The Bus-Shelter Project
'Varian Fry' 2004


  Just stop
The Bus-Shelter in the Varian-Fry-Straße

Who was Varian Fry? (1907-1967)

In August 1940, U.S. journalist Varian Fry was asked by the Emergency Rescue Committee (ERC) to go to France. After the German Army occupied France, a group of concerned Americans set up the ERC to rescue prominent intellectuals. Upon arrival in France, Fry had a list of 200 names, but he was approached by thousands. Within 13 months, Fry helped over 1,500 people escape from southern France. Among them were the artists Marc Chagall and Max Ernst and philosopher Hannah Arendt. Fry was expelled from France in September 1941. After his return to the U.S., his deeds were recognized neither during nor after World War II. Fry died in 1967. In 1996, he posthumously received Israel's highest award, and an olive tree was planted in his honour at the Yad Vashem Memorial Centre in Jerusalem.

In 1935, Varian Fry worked briefly as a reporter in Berlin. The photo was taken on a balcony overlooking the Kurfürstendamm.

Photo: United States Holocaust Memorial Museum Washington

After German Re-Unification in 1990, Mercedes Benz began the development of a whole new neighbourhood at the former site of Potsdamer Platz, on the western side of the Berlin Wall.

Part of the new development was the creation of new streets and the decision on what name they should carry. In this context, the then head of Mercedes Benz, Edzard Reuter took the decision to name one of the new streets in honour of Varian Fry.

A close friend of Edzard Reuter was the German-Jewish author Hans Sahl (1902-1993). Sahl was one of the hundreds of Jews whose life was saved by Varian Fry in 1941-42. Shortly before he died, Sahl asked Edzard Reuter to ask The Berlin City Government to commemorate Varian Fry in some manner or other. By choosing Varian Fry's name for a street in the new Mercedes Benz project, Hans Sahl's wish was fulfilled.

With the completion of construction work in 1998, the city transportation company (Berliner Verkehrs Betriebe / BVG) opened up a new bus stop on Potsdamer Strasse immediately next to Varian Fry Street and named the bus stop "Varian-Fry-Strasse".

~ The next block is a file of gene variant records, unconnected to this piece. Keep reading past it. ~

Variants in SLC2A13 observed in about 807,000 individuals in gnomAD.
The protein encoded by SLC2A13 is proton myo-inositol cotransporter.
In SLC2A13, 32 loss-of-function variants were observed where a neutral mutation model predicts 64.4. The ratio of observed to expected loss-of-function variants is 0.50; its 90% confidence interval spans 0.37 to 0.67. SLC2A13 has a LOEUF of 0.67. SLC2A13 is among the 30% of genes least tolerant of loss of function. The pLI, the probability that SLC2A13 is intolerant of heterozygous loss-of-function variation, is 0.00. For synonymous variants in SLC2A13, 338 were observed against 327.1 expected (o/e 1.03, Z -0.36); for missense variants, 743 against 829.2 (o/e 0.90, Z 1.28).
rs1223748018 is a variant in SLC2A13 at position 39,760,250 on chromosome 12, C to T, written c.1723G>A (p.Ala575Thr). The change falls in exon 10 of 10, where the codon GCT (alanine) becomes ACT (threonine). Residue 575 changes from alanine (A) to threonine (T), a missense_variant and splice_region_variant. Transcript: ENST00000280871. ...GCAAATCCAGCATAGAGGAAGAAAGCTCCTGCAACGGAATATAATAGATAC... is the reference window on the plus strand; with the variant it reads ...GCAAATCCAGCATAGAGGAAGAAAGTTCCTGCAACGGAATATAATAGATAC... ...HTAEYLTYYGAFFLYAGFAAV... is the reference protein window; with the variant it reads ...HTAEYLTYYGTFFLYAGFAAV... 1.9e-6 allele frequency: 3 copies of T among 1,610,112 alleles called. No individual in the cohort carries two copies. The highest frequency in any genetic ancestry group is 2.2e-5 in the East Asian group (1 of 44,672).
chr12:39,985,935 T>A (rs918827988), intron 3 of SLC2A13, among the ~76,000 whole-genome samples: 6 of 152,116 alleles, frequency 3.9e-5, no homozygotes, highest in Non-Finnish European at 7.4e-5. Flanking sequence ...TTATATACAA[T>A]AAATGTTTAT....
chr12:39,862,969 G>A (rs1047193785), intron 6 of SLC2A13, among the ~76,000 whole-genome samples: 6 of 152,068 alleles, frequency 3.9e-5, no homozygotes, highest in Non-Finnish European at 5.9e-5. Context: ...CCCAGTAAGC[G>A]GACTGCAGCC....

Hans Wall, has for many years been putting up bus-shelters throughout Berlin. The leasing of advertising space within the shelters is his source of income. As the new buildings at Potsdamer Platz have become the talk-of-the-town both in and outside Berlin, Wall decided to use his most modern style of shelter for the bus stops.

Wall had eagerly supported my first JUST STOP project on Berlin's Kurfuerstenstrasse at the former site of Adolf Eichmann's "Jewish Department" in 1998. (see link). In early 2004 I noticed the new shelters and - knowing about Varian Fry- decided to once again approach Hans Wall with a suggestion on using the shelters to inform passers-by about who Varian Fry was and what he had achieved in Marseille in 1941-42.

The glass plaques that I designed carry a photo of Varian Fry and a short text (see above). They where inaugurated at the bus-shelters by Edzard Reuter, on June 22nd 2004.

I would like to thank Hans Wall for his generosity, understanding and support. I would also like to honour Edzard Reuter for fulfilling Hans Sahl's wish that Varian Fry be remembered. I would like to thank my partner the American Jewish Committee and its Berlin director, Deidre Berger for their strong support in realising this project.

I hope that the plaques will contribute to furthering the memory of a great American hero.

Ronnie Golz

Berlin June 22nd, 2004